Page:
Current Affairs Politics

Majority Of UK Voters Want Rid Or Don’t Care About “Northern Ireland”

A majority of voters in the United Kingdom, some 55%, would prefer if “Northern Ireland” joined a reunited Ireland rather than stay in the UK or don’t care either way. That is the result of a new poll by Ipsos MORI in London, which also found that a minority of Britons, only 36%, would like the British legacy colony on the island of Ireland to remain under the authority of the UK. Those percentages are very similar to figures seen in a number of recent surveys in Britain, which highlight a domestic electorate increasingly disenchanted or disinterested in the country’s presence in the Six Counties, especially in light of the torturous Brexit negotiations between the United Kingdom on one side and the European Union and Ireland on the other. Negotiations which are consumed with debate about the current and future status of the contested region and the damage Brexit is causing to the Irish-British peace process.

21 comments on “Majority Of UK Voters Want Rid Or Don’t Care About “Northern Ireland”

  1. So much for the DUP’s fairweather friends.

  2. Those are interesting statistics. Not so ‘precious’ union after all where just about 1 in 3 want it to stay.

    • Honestly this reads like an extreme case of “Quagmire Fatigue”. The amazing thing is that it’s taken this long to win out.

      Depending on your perspective you can count the beginning of the time for Quagmire Fatigue to set in as starting:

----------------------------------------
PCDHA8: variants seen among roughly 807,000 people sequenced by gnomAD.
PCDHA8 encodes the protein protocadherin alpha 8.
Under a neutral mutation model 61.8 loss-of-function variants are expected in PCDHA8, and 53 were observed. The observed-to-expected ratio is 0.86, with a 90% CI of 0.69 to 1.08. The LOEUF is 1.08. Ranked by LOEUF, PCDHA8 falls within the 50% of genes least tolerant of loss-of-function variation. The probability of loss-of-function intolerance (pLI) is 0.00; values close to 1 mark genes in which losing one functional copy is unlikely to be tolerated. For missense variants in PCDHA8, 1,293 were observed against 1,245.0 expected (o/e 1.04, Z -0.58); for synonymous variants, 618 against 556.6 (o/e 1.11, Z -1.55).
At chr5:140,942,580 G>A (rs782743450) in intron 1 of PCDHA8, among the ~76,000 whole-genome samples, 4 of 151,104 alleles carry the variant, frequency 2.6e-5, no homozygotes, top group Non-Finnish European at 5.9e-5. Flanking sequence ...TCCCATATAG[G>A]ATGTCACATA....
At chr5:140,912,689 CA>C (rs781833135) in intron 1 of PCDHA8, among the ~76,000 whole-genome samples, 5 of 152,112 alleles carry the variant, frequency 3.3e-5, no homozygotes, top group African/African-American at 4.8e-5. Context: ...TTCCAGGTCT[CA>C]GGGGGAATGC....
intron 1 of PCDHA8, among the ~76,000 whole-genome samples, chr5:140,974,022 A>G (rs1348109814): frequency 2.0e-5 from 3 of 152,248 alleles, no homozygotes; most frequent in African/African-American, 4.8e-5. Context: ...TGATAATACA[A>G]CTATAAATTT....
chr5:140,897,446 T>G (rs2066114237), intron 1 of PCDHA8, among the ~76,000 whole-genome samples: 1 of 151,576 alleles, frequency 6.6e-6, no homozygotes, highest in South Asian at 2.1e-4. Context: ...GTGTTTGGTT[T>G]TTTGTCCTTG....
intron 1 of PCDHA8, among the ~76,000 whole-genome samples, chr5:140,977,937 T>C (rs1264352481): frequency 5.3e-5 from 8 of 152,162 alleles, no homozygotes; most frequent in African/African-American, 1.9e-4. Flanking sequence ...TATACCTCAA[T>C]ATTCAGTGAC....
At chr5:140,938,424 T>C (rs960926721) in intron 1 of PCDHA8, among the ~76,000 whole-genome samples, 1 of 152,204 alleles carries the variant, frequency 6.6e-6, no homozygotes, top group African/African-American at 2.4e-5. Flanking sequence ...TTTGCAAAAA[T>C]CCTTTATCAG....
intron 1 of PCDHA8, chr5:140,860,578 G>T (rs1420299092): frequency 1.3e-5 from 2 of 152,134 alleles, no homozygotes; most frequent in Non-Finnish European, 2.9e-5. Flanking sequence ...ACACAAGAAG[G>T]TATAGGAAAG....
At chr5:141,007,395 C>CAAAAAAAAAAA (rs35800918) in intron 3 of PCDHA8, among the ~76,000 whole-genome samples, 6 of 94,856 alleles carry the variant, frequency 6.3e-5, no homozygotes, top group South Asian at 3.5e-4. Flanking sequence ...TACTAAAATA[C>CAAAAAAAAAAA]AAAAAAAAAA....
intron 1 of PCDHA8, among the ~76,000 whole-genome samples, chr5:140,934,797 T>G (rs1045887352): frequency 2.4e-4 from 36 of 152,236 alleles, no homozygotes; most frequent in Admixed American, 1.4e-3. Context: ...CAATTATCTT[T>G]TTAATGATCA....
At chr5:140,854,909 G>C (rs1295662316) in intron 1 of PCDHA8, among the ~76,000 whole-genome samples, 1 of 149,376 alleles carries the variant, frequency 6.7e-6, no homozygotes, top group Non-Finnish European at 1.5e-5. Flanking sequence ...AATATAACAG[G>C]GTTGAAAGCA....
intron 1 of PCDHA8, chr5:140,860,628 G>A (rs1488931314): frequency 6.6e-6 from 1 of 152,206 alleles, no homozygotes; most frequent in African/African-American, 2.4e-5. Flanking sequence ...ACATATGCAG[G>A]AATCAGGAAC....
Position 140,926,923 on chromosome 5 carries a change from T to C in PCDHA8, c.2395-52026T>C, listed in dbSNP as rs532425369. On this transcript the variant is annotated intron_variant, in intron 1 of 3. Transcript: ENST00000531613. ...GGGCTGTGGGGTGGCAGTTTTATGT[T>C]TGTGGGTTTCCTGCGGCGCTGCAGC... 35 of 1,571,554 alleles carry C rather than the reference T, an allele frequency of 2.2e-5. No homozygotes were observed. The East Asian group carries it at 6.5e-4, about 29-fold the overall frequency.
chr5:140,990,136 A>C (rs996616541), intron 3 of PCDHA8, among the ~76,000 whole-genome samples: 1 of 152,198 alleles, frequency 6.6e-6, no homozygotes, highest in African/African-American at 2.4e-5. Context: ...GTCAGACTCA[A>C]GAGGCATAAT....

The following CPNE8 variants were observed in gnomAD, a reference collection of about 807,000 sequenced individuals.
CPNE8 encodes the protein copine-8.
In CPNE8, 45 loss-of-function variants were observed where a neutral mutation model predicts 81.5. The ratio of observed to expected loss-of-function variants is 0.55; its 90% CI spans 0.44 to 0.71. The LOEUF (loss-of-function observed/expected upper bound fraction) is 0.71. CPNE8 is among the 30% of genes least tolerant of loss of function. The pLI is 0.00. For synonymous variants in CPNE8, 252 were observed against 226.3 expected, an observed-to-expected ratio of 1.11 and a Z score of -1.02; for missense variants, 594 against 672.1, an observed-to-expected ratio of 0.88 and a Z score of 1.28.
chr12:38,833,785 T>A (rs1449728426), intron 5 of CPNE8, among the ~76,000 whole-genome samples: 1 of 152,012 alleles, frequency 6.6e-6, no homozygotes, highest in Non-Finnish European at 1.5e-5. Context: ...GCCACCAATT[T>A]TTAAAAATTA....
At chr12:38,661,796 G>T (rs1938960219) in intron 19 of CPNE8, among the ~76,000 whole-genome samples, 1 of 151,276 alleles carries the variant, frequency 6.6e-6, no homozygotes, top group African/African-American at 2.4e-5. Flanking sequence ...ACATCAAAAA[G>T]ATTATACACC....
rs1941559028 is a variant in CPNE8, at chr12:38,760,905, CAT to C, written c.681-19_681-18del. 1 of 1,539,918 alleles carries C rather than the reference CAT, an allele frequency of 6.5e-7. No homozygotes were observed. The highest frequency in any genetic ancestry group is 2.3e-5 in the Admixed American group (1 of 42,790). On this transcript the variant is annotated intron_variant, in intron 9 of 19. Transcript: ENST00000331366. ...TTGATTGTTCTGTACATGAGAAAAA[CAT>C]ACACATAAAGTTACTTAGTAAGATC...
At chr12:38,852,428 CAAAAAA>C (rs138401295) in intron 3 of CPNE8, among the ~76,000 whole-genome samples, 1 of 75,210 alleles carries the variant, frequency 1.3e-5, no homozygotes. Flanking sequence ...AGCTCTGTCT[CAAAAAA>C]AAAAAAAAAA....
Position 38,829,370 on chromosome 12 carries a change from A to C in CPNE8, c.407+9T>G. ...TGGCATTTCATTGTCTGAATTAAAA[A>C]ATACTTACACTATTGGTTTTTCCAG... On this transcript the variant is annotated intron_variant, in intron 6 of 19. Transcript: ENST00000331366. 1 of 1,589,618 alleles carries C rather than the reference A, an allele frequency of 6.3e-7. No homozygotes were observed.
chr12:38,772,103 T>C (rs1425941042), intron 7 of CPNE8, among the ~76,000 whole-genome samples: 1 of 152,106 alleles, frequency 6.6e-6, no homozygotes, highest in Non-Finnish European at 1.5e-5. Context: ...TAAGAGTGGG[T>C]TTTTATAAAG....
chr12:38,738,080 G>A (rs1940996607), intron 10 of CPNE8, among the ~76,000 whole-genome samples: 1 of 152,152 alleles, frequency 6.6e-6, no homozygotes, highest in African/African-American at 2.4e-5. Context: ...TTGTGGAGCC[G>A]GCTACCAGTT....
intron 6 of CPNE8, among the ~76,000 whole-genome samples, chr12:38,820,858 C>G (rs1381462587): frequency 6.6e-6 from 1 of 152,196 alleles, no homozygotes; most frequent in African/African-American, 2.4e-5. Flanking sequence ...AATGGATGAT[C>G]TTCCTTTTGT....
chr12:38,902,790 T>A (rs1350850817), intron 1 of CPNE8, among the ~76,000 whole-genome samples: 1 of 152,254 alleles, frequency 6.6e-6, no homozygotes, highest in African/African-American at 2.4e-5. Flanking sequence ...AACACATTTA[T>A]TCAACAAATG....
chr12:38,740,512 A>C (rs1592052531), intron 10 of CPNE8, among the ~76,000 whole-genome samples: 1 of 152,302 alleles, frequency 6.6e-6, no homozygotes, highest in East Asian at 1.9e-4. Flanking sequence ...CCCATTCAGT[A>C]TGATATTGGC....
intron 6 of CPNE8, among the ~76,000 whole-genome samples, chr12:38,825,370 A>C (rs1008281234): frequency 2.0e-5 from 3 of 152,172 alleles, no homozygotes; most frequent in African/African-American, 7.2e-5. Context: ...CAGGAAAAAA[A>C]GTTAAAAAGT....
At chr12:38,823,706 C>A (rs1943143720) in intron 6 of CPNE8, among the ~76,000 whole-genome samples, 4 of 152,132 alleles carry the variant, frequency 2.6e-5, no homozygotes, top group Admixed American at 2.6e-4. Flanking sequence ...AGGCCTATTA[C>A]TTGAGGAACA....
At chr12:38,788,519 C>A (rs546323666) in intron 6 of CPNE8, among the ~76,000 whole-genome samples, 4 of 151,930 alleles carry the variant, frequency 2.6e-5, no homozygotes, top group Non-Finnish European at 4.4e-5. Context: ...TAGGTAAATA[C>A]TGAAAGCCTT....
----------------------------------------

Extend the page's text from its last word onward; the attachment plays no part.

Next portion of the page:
1) When the Troubles started in the 1970’s.
      2) When The Partition was done in the 1920’s.
      3) Any number of points during the past 800 years when either Britain’s colonial rule in Ireland tightened, or when Ireland’s resistance to said rule increased, or when higher number of Irish simply moved to England.

      Even going by the 1970’s for the “start date” I’m amazed it took that long!!!!!

      • It is strange but then the lack of knowledge regarding Ireland north or south is given that history remarkable amongst a lot of people in the UK. One of my parents is from bermingham with no Irish connection at all and I’ve worked and lived there over the years and it’s an eye opener

        • Quagmire Fatigue is the ultimate moral low road of such things.. It’s not so much about a critical mass deciding something was wrong, as a critical mass deciding that they really want to wash their hands of it.

          I’ve just befriended a Liverpudlian with Irish origins. It’s amazing how different North and South England are.

  3. I take it Arlene won’t be welcome in England when she leaves.

  4. When the bombs were going off in London back in the day, that poll would’ve been higher. Just saying.

    • Caroline Cunningham

      Too true.

    • Pat Murphy

      The 36% of colonisers is something similar to the dup share of the vote here. Maybe there should be a border poll in England then we would see what the d in dup really means.

  5. Caroline Cunningham

    This has been the case for many a long year. Ironically, UK voters are irrelevant to the ‘precious’ union so it matters not a jot how they regard Northern Ireland.

  6. ar an sliabh

    The maintenance of the colony costs milliards, courtesy of the tax payer. They’re going to take pretty good economical a hit real soon, let’s see if they need the money for themselves. Our re-unification may boil down to a cost-cutting decision.